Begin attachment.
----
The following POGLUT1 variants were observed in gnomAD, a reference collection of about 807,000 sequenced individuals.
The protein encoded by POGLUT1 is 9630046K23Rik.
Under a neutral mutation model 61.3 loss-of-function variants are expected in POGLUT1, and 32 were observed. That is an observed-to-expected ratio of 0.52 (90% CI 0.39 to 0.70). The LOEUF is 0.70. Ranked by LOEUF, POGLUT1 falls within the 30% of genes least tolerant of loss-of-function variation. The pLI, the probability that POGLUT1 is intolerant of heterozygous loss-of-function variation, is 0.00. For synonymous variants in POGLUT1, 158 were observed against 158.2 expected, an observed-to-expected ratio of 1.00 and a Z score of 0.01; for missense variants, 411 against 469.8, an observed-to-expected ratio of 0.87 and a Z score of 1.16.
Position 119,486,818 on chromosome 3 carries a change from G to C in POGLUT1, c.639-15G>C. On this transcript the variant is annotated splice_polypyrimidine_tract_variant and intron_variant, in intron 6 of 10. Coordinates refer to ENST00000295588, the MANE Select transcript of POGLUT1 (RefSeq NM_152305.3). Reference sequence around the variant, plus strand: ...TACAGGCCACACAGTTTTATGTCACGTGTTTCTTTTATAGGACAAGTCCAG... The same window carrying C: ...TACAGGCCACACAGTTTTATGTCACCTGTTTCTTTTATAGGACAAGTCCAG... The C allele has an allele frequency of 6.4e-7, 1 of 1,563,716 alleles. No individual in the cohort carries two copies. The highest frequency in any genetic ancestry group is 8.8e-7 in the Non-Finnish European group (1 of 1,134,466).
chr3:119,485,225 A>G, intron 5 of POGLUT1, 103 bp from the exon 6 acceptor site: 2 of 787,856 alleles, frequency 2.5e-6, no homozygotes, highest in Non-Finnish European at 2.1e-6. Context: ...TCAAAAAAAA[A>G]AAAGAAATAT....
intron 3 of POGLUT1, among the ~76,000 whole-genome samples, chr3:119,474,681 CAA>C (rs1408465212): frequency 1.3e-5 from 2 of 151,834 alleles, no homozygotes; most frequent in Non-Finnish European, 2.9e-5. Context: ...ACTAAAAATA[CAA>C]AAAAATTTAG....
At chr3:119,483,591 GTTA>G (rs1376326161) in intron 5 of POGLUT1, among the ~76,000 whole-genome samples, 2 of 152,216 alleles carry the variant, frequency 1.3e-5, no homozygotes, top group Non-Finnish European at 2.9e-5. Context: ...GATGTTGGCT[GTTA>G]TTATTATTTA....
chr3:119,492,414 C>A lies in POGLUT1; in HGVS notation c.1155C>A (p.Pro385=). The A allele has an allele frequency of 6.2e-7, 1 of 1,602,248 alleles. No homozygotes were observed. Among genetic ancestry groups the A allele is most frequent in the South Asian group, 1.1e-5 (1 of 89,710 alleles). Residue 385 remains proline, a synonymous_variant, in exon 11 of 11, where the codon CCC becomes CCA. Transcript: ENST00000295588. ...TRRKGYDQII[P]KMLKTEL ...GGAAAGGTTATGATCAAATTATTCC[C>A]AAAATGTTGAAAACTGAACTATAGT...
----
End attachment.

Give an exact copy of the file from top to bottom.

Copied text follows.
The following POGLUT1 variants were observed in gnomAD, a reference collection of about 807,000 sequenced individuals.
The protein encoded by POGLUT1 is 9630046K23Rik.
Under a neutral mutation model 61.3 loss-of-function variants are expected in POGLUT1, and 32 were observed. That is an observed-to-expected ratio of 0.52 (90% CI 0.39 to 0.70). The LOEUF is 0.70. Ranked by LOEUF, POGLUT1 falls within the 30% of genes least tolerant of loss-of-function variation. The pLI, the probability that POGLUT1 is intolerant of heterozygous loss-of-function variation, is 0.00. For synonymous variants in POGLUT1, 158 were observed against 158.2 expected, an observed-to-expected ratio of 1.00 and a Z score of 0.01; for missense variants, 411 against 469.8, an observed-to-expected ratio of 0.87 and a Z score of 1.16.
Position 119,486,818 on chromosome 3 carries a change from G to C in POGLUT1, c.639-15G>C. On this transcript the variant is annotated splice_polypyrimidine_tract_variant and intron_variant, in intron 6 of 10. Coordinates refer to ENST00000295588, the MANE Select transcript of POGLUT1 (RefSeq NM_152305.3). Reference sequence around the variant, plus strand: ...TACAGGCCACACAGTTTTATGTCACGTGTTTCTTTTATAGGACAAGTCCAG... The same window carrying C: ...TACAGGCCACACAGTTTTATGTCACCTGTTTCTTTTATAGGACAAGTCCAG... The C allele has an allele frequency of 6.4e-7, 1 of 1,563,716 alleles. No individual in the cohort carries two copies. The highest frequency in any genetic ancestry group is 8.8e-7 in the Non-Finnish European group (1 of 1,134,466).
chr3:119,485,225 A>G, intron 5 of POGLUT1, 103 bp from the exon 6 acceptor site: 2 of 787,856 alleles, frequency 2.5e-6, no homozygotes, highest in Non-Finnish European at 2.1e-6. Context: ...TCAAAAAAAA[A>G]AAAGAAATAT....
intron 3 of POGLUT1, among the ~76,000 whole-genome samples, chr3:119,474,681 CAA>C (rs1408465212): frequency 1.3e-5 from 2 of 151,834 alleles, no homozygotes; most frequent in Non-Finnish European, 2.9e-5. Context: ...ACTAAAAATA[CAA>C]AAAAATTTAG....
At chr3:119,483,591 GTTA>G (rs1376326161) in intron 5 of POGLUT1, among the ~76,000 whole-genome samples, 2 of 152,216 alleles carry the variant, frequency 1.3e-5, no homozygotes, top group Non-Finnish European at 2.9e-5. Context: ...GATGTTGGCT[GTTA>G]TTATTATTTA....
chr3:119,492,414 C>A lies in POGLUT1; in HGVS notation c.1155C>A (p.Pro385=). The A allele has an allele frequency of 6.2e-7, 1 of 1,602,248 alleles. No homozygotes were observed. Among genetic ancestry groups the A allele is most frequent in the South Asian group, 1.1e-5 (1 of 89,710 alleles). Residue 385 remains proline, a synonymous_variant, in exon 11 of 11, where the codon CCC becomes CCA. Transcript: ENST00000295588. ...TRRKGYDQII[P]KMLKTEL ...GGAAAGGTTATGATCAAATTATTCC[C>A]AAAATGTTGAAAACTGAACTATAGT...